Progress on the Prairie:

Stephen Anunson

Despite our love of the classics – read, Dead White European Dudes – taught in these illustrious halls, plenty of noteworthy artists innovate outside of the Lawrence bubble. In this column, we’ll cover those Midwestern artists – writers, sculptors, photographers, filmmakers, actors, etc. – and how they’re changing the modern creative landscape.
Cathy Cook, an Appleton native who now resides in Baltimore, recently visited campus to screen her film “Immortal Cupboards: In Search of Lorine Niedecker.”
Lorine Niedecker was an objectivist poet who spent most of her life in rural Wisconsin, 1903-1970. Niedecker’s poetry evoked images of her natural surroundings with wit and charm. She loved words and isolation.
The film is Cook’s first attempt at a longer documentary about a single poet. Cook has more experience with short films that focus on the subject matter of a single poem.
This experimental documentary, or poet film, is a collaboration piece. Cook said she set guidelines similar to Niedecker’s, had she been alive during the production of this film. Originally, Cook envisioned the poetry as a voice-over to images that might have surrounded Niedecker while she wrote.
However, Niedecker’s preferred her poetry to be seen on the page – a fact which influenced the final product. In it, most of the poetry is displayed on the screen rather than recorded in a voice-over. Cook admits that this makes this film harder for audiences. “Most audiences complain about subtitles,” she remarked. Still, Cook had strong feelings about collaboration and about making this film a Cook/Niedecker production.
Cook refers to her films as collages. Aesthetically, the viewer gets the sense of seeing the world as Niedecker may have seen it while thinking about her poetry. Both the severe close-up shots and the incomplete shots of faces – an entire face was never shown – add to a sense of claustrophobia.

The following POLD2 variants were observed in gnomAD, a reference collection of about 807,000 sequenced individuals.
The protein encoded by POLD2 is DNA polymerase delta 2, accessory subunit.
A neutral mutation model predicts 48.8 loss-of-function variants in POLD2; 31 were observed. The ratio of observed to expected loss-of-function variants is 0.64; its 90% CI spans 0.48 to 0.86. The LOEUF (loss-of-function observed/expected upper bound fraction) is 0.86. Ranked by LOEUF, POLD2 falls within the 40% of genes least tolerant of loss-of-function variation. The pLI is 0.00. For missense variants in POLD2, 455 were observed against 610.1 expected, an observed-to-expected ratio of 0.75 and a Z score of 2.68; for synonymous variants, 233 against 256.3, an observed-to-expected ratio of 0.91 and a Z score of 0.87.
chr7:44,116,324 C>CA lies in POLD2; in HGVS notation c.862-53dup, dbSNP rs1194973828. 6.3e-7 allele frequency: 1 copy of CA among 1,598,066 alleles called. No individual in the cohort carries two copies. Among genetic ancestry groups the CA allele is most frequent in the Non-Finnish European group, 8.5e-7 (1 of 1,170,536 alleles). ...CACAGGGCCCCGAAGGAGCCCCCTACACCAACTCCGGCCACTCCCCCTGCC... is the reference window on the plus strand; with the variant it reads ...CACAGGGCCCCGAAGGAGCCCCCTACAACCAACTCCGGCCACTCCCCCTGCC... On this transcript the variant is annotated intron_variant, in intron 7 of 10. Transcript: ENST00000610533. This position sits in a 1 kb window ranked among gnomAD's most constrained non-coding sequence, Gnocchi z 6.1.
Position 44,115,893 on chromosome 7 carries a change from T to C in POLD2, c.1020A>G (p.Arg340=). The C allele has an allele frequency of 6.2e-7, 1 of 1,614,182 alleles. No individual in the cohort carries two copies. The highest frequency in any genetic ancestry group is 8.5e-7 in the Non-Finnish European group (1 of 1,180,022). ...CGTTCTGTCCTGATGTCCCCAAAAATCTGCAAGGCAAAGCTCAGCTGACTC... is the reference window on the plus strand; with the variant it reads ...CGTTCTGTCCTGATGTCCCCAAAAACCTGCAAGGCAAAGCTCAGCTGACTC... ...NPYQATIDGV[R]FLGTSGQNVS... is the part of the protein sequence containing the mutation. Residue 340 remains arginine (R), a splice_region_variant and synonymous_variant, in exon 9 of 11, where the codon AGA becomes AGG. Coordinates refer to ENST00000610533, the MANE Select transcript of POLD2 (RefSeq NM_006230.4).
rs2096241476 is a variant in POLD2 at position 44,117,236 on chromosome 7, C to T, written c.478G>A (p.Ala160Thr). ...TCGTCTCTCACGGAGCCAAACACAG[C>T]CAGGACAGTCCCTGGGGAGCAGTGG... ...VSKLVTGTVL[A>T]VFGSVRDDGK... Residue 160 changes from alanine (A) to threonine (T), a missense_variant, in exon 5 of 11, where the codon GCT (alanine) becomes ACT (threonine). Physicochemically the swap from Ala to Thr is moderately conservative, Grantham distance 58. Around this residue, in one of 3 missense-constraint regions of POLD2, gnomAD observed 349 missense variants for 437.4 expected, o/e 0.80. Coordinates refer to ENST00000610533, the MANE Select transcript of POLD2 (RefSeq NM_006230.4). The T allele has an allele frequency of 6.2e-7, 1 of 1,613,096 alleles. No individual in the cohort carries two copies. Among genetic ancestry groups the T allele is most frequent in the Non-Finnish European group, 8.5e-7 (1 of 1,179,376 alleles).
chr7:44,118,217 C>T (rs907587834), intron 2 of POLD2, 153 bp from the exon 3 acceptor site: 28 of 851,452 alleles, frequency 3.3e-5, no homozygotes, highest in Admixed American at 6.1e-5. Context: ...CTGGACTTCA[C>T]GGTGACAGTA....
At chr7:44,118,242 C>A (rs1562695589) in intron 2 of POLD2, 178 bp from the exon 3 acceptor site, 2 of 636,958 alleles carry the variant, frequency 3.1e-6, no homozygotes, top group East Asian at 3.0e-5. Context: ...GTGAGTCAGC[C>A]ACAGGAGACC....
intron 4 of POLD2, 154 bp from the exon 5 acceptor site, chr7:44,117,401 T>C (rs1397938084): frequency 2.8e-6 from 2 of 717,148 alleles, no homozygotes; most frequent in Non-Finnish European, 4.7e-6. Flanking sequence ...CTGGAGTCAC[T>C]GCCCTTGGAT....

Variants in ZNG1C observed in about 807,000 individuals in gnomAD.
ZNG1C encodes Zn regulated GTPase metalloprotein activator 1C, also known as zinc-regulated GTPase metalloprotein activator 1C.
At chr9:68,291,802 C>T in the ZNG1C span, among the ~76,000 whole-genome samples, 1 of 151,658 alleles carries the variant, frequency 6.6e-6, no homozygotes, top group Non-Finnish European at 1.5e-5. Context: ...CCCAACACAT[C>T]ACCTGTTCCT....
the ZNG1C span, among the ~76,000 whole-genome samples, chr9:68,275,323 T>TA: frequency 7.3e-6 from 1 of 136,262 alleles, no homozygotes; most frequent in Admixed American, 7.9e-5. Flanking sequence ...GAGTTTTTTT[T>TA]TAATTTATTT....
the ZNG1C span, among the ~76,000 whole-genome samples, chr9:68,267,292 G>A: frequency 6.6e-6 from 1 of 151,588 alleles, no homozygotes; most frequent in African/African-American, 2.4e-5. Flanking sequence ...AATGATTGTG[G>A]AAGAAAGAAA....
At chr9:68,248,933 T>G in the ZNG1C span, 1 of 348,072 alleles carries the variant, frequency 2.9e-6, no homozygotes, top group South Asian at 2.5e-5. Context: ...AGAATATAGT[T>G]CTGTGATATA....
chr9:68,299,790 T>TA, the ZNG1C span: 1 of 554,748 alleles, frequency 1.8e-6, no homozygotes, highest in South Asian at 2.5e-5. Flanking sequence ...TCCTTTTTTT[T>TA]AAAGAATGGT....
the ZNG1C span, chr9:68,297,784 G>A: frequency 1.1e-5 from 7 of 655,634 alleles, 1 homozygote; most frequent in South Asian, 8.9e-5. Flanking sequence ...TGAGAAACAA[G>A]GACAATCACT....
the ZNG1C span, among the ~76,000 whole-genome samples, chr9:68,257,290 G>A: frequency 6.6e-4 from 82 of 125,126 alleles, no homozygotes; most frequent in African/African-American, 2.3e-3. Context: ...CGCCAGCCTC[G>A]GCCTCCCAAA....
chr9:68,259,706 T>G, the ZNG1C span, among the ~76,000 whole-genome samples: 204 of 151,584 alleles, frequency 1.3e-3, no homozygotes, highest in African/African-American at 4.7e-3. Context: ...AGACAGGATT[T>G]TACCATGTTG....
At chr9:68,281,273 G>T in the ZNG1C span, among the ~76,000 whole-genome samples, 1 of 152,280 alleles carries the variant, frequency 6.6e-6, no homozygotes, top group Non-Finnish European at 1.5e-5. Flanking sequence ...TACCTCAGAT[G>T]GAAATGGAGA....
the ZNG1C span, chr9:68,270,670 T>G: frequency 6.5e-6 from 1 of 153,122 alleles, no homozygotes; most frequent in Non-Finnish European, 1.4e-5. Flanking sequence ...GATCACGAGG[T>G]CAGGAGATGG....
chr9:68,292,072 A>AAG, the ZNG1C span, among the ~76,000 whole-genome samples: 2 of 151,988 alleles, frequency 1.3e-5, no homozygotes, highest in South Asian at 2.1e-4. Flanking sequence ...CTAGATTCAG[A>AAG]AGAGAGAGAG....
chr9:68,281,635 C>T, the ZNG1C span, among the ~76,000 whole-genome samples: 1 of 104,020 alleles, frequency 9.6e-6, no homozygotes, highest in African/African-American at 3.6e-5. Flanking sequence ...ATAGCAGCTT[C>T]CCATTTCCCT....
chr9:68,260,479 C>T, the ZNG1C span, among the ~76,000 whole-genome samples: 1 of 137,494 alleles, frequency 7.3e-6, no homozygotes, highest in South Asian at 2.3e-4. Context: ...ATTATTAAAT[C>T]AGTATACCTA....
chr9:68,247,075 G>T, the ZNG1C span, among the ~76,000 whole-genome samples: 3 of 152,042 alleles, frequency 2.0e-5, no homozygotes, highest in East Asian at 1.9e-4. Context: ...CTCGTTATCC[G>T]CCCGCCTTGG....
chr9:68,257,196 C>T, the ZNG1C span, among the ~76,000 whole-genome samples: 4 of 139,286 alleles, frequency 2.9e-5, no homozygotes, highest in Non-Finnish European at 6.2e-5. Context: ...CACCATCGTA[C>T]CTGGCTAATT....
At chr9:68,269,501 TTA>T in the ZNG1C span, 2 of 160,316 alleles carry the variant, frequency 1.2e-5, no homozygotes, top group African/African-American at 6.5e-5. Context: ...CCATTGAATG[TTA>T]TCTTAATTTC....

Interviews are used as voice-overs to the images, but silence is also a large part of the sound score. Cook worked closely with sound on this film, and the film captured Wisconsin noises from fields, rivers and wildlife.
Cook felt a special connection to Niedecker. After her screening, Cook highlighted some surprising parallels. Like Niedecker, Cook spent much of her life with little money and did not always have enough money to work on her art. Many of her projects were worked on off and on for many years.
“After 9/11 there was very little work. For many reasons,” she explained, “I had very little work and I had to decide to either join the union and work full-time, or I would have to go and get a teaching job. And I could have done either one. Teaching had more benefits. It had more security. It had support for my work – that was the big one, and that’s why I did it. I have some regrets,” she said, laughing.
Cook didn’t always make poetry films. She explained that she took the “10 year undergrad route,” working on her college degree off and on before finally graduating and moving to New York City to pursue a career in media.
After working for 11 years as an artistic director for making “TV IDs” for such shows as “Junkyard Wars,” she decided that she needed to do something different in order to fund her own projects.
Cook said she chose to work on poetry films because she “was a big connoisseur of abstract, experimental writing. I think, because of that, I started, by accident maybe, reading poetry. That was my interest beside the visual.”
Cook chooses poems that she connects with. Her film on Niedecker is the first example of a connection with a poet rather than the poem itself.
“She just had more poems that talked to me than other people did,” Cook said. “That’s why I did the film.”
Cook’s work is intimate and authentic. She is an artful collaborator and a true Wisconsinite. Indeed, Cook said she visits her native state “as often as [she] can,” adding, “I love Wisconsin.